I get that saying yay for how we’re all the same is politically charged nowadays (at the pub after a Comic Forum someone said that I was basically an “All Lives Matter” type – which well: makes me go fuck you / but also well yeah – all lives do matter no?). My current best guess / way to understand things is that we should try our best to resist oppression and the things that seek to divide us and deny people’s basic humanity and saying fuck off to all forms of prejudice no matter what form they take (which I think is something we all agree on). My point of divergence I guess is when people start identifying other people as belonging to different groups: like saying “these people have all been victims of a certain type of oppression” makes sense (and the oppression is the thing to fight against) but saying “these people are all the same because of their sexuality” in a way that’s not just stating a tautology just seems kinda – dumb? Like: yes there are people who are gay but I not sure I believe in “gay people” beyond sexual preferences and social pressures. If that makes sense? Like: I’m not sure if I believe there’s an extra element that means that all gay people are the same beyond them having the same sexual preference and having at various points in their life having to take shit from other people from being gay. But fuck – whatever. I mean: yes ok I’m a “straight white guy.” And what I’m hoping for in saying all this stuff is not to start any arguments or bad feelings: but to hopefully get a better insight in how other people think about this stuff.

Or: you know – we can just talk about the comic. 🙂

What do you think?

What I like about The Essential Dykes To Watch Out For is how it kinda tricked me into reading it.
I mean – shoot. Firstly you know: just to state the obvious: it’s a really thick book (over 400 frigging pages) so you know – unlike most comics: in terms of time it’s a big commitment. It’s not just something that you can whizz through on a single lunch break. Also – sorry to say it but it’s true but for this reader in terms of what it’s actually about; a realistic slice of life about people with no super-powers, no cybernetic implants, no visions of a post-apocalyptic future etc blah just normal human life – I mean: that’s the stuff that makes me yawn and go “boring” and has me looking for something else to read.

But then here’s the thing – I really like this book (it’s pretty much my only experience with Dykes To Watch Out For but I’d definitely be up for reading more if any crossed my path) and I’d gladly hold it up and say “hi! This is good! Everyone should read this!” (and damn: there’s a part of me that thinks it’s a shame that there hasn’t been as much talk about this as there has been about Ghost in the Shell and other books we’ve done in the past – which makes me think well – what? Is it that happiness writes in white? Do we only ever start talking passionately about stuff when we disagree? Would it be better for the LGNN to only do “hot button” books? I mean: I think I can see the reasons why – it’s always harder to talk about the good stuff – but then maybe that’s why we should? I dunno).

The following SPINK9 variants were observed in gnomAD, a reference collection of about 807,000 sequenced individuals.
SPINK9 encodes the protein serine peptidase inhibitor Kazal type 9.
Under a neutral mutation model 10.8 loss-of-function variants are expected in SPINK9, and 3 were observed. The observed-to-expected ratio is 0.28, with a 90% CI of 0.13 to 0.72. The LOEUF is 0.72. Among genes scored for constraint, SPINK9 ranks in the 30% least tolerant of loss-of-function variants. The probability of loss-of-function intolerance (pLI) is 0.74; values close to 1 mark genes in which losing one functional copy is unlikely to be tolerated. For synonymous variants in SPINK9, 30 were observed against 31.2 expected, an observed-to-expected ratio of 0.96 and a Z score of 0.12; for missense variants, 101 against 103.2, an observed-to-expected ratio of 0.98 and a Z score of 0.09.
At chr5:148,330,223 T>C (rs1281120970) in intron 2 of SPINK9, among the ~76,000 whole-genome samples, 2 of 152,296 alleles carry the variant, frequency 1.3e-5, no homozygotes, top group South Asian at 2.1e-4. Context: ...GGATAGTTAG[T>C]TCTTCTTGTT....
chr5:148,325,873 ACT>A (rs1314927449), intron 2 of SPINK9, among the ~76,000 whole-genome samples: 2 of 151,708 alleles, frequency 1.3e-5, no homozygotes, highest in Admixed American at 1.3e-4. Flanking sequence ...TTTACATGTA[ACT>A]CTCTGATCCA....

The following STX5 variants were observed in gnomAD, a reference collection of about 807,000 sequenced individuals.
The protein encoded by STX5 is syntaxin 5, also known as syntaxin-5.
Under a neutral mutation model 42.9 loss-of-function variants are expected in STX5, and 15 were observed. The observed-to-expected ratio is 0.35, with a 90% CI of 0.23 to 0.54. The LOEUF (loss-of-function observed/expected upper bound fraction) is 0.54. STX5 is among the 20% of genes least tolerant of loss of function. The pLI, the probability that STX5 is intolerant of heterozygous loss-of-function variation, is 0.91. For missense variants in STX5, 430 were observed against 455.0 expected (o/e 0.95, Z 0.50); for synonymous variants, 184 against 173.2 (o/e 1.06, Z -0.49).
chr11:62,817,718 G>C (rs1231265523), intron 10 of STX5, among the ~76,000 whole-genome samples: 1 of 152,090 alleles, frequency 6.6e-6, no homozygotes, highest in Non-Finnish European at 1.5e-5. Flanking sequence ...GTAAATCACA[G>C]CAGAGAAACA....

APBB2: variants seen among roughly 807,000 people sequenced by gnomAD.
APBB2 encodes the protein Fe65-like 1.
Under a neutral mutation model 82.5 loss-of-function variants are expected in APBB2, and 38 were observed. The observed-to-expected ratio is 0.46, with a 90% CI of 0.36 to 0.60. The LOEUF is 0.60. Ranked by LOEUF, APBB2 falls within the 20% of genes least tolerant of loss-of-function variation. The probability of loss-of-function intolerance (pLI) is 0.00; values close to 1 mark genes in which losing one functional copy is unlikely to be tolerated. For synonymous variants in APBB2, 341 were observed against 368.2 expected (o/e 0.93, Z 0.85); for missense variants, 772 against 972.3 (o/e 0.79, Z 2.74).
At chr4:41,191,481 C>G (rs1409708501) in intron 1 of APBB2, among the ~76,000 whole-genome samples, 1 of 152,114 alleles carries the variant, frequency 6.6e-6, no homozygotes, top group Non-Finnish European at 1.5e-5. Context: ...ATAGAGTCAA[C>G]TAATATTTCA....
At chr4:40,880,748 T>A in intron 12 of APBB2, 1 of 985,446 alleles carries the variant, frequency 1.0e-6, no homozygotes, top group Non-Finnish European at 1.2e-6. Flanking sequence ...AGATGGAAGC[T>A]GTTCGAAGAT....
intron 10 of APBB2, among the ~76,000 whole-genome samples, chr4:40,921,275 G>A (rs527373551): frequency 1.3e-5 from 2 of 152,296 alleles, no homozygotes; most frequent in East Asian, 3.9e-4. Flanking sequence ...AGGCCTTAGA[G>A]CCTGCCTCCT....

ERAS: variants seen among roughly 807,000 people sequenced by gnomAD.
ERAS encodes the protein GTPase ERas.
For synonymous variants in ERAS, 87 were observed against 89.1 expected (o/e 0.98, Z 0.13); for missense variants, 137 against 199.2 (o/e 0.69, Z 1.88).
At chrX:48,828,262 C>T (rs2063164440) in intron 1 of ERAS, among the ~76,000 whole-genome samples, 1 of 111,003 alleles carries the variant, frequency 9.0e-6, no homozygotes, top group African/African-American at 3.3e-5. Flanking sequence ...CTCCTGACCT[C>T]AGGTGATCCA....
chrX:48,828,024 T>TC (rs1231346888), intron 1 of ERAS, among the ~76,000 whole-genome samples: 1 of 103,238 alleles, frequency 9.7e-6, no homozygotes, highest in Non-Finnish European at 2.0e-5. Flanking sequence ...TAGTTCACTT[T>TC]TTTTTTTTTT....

But yeah: I think part of the reason I like it so much – is how it tricks the reader to getting sucked in. Because – well – I say this in the best possible way: but it’s kinda clickbait-y no? I mean yeah yeah – I know that Bechdel didn’t plan it like this (how could she?) but it’s like the whole thing is a big long sweeping multi-generational Dickensian epic type thing BUT (and here’s the important bit) every page is it’s own self-contained little thing and (most importantly I think) every page ends with a punchline. So you know: you can pick it up and just read a page and it’s like – oh cool. Instant satisfactions. And maybe – I’ll just read one more page… And then it’s an hour later and it turns out you’ve eaten the whole packet (or whatever metaphor you want).

And well yeah – there’s something about that which I think is really cool and comics at it’s best. Luring you in with the promise of an light and easy read and then reeling you into something much richer and deeper than you ever expected.


AMIR
OH DEAR GOD WHY Presentations
Twitter / Barbican Comic Forum

Let’s be honest here “Dyke Watch” (the appropriate abbreviation), would be waaay better with all of those teenage genre things you mentioned. In fact screw the abbreviation. I’m copyrighting this and making a video game with David Hasselhoff. THIS.WILL.END.WELL.
Imagine strip X where Bechdel has an awkward conversation about art with a friend over coffee. Now imagine that but her friend is a robot dinosaur and Bechdel is a super powered time travelling survivor from the year XX7X. But it’s never brought up – at all. It just is.

I’d buy that.

More seriously though –